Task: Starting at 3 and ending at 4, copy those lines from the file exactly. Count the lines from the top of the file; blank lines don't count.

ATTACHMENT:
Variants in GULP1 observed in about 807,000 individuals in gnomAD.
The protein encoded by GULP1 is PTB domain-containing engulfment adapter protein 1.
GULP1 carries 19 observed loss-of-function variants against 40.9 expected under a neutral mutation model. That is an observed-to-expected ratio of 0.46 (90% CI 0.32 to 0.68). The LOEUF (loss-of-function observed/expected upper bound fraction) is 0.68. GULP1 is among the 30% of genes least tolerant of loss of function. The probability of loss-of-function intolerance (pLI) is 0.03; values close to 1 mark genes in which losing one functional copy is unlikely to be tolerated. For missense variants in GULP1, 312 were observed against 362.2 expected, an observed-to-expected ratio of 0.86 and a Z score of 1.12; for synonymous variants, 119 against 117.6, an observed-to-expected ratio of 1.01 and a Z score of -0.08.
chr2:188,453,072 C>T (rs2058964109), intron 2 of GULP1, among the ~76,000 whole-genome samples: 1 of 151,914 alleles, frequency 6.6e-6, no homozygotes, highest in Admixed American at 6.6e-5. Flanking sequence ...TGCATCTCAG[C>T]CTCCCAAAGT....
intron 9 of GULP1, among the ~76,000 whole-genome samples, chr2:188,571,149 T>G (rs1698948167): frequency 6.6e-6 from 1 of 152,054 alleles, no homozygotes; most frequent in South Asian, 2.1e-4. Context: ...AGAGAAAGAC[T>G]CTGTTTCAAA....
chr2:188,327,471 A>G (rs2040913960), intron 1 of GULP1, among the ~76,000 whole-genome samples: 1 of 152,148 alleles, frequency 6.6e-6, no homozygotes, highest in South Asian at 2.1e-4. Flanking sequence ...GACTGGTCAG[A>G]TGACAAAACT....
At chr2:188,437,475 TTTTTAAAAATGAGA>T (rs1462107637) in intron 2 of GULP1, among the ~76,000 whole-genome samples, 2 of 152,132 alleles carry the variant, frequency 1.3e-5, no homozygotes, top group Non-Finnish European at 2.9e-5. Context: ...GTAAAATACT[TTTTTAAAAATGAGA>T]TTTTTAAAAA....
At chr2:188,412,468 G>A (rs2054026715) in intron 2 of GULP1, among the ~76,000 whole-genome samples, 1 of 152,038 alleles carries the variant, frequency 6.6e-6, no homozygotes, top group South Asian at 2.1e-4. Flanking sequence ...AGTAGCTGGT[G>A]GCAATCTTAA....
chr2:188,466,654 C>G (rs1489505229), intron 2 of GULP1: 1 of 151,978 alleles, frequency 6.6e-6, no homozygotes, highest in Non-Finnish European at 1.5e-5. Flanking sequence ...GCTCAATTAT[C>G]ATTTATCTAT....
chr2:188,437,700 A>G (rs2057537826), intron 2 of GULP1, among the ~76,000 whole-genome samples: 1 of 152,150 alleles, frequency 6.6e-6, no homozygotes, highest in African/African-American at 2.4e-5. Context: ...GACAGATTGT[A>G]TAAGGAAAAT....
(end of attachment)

GULP1 carries 19 observed loss-of-function variants against 40.9 expected under a neutral mutation model. That is an observed-to-expected ratio of 0.46 (90% CI 0.32 to 0.68). The LOEUF (loss-of-function observed/expected upper bound fraction) is 0.68. GULP1 is among the 30% of genes least tolerant of loss of function. The probability of loss-of-function intolerance (pLI) is 0.03; values close to 1 mark genes in which losing one functional copy is unlikely to be tolerated. For missense variants in GULP1, 312 were observed against 362.2 expected, an observed-to-expected ratio of 0.86 and a Z score of 1.12; for synonymous variants, 119 against 117.6, an observed-to-expected ratio of 1.01 and a Z score of -0.08.
chr2:188,453,072 C>T (rs2058964109), intron 2 of GULP1, among the ~76,000 whole-genome samples: 1 of 151,914 alleles, frequency 6.6e-6, no homozygotes, highest in Admixed American at 6.6e-5. Flanking sequence ...TGCATCTCAG[C>T]CTCCCAAAGT....